My take on Seacom, and SA's future broadband scenario

Posted by Minnaar Pieters 05 Jun 2009

About a week ago I went up to Mtunzini to visit the cable station that recently finished contruction. Seacom is a underwater fibreoptic cable which is being installed along the coast of east Africa, which is tremendous boost for all the countries affected. When it comes to internet bandwidth, Africa has always been left behind, thanks to monopolies and poor legislation with devestating effects on its economies and quality of life. I might sound dramatic, but if one takes into account that the digital divide is currently increasing at a exponential rate, it is not far fetched to once again call us the "dark continent".

South Africans are not much better off either. Our primary source of international bandwidth is supplied by the very limited SAT3 connection, which is currently around 130Gbs, which is also divided to major operators such as Telkom. This leads to very low bandwidth actually reaching end users - in fact, in 7 years in which ADSL has been available in SA, the standard "package" is still a 3 Gigabytes capped connection with a slow 384kbps line. This is not however what the rest of the world calls "broadband".

True broadband is at least 4Mbps and is theoretically uncapped. True broadband is the ability to use the internet without taking amount of consumption into account. US citizens are used to using services like hulu instead of having to subscribe to 100's of channels. Once we have this attitude we can call what we have "broadband". Seacom might not be that enabler, but it sure does get us one step closer.

Seacom will boost our bandwidth from 130Gbps up to 1.28Tbps. This increase in bandwidth will theoretically make it much cheaper for service providers to buy wholesale bandwidth. These cost savings can then be passed on to the consumer, and make it much cheaper to transfer large amounts of data. Due to past monopolies, SA ISP's had to use Telkom's infratructure for its network, which led to very low margins and high costs for end users. Due to legislation passed last year, any ISP with necessary capital can now build their own network infrastructure.

Now it is important to remember that "cheaper" internet in SA does not mean that the base cost of having "fast" internet will suddenly drop to a R100. No, there are still businesses that are built up around a revenue model that relies on customers spending more than R300. If the price is suddenly R50, those businesses will fold, regardless of how cheap bandwidth might be.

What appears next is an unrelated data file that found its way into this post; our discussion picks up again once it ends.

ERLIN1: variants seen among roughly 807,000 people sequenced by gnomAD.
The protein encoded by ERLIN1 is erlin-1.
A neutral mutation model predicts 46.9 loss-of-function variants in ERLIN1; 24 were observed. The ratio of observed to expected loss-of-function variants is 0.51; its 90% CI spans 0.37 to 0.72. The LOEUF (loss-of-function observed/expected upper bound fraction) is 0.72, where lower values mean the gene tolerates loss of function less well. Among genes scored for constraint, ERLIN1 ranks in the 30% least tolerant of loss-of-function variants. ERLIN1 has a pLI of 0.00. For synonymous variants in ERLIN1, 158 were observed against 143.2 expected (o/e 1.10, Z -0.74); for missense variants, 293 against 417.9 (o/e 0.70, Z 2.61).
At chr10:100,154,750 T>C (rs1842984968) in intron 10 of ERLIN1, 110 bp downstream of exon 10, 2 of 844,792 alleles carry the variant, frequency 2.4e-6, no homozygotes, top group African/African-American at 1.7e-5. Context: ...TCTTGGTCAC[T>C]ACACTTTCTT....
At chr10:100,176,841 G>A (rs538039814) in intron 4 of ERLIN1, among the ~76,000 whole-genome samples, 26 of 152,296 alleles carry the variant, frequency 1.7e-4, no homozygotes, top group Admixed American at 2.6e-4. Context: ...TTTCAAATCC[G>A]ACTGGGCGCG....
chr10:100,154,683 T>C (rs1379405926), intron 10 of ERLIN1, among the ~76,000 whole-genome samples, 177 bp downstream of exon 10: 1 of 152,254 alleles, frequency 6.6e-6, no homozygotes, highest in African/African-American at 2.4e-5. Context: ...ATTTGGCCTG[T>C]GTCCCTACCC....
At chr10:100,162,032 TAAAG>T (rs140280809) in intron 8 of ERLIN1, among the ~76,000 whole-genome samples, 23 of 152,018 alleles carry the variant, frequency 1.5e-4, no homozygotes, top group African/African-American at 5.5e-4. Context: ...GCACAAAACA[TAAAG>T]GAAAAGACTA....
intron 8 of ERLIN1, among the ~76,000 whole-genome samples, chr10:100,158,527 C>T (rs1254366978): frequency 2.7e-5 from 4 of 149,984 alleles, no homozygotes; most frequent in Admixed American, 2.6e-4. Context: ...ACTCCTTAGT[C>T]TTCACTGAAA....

Instead, what we might be seeing in SA over the next year (Seacom goes live in about a month) is a dramatic increase in the amount of "capped" data we can get for the same amount of money. Instead of spending R400 total for a ADSL line and 3GB data, the same user might now get 5GB or (hopefully) 10GB. A big problem currently is that networks in SA is currently unable to properly use all the extra bandwidth. Telkom cannot easily jump above the 4Gbs it currently offers, due poor quality cables. But Neotel and a few cellular operators have started investing in land based fibre cable, right to the curb in some areas. This means that these players might be the first to actually be able to use the wave of extra bandwidth. MTN and Vodacom have also started to enable 7.2 Mbps HSDPA on its network, which theoretically means that if you wanted the fastest broadband line in SA, you have to go 3G.

So what does Seacom mean for SA end users in the near future? In my opinion, a few things will happen. First (the next 6 months) I believe networks will first try to get maximum profits while bandwidth is suddenly cheap. This will lead to increasing pressure from end users, and then we can wait for a ISP to offer a "disruptive product" which will cause all subsequent offers from ISP's to drop tremendously in price. The fact of the matter is that ISP's in SA have always been used to low profit margins, and they can easily adapt their businesses to once again operate on those margins once bandwidth is cheap. It will only take time.

This is truly an exciting time for communications in SA - we are currently in a perfect storm of situations which can contribute to a sudden reconnection to the world.


Want more info on Seacom? Read some of my fellow SA digirati's comments on Seacom:

The Digital Edge Podcast (you might hear me talk to him in there as well...)
DChetty - Seacom, What Now?
From The Couch - David Perel
Tech Start News - J Bagley
Charl Norman


Good meeting you guys!
blog comments powered by Disqus
My photo
I am a R&D Analyst in Stellenbosch South Africa who has a immense passion for all things tech related. I embrace technology, open source and web standards, and I participate and contribute to the social web.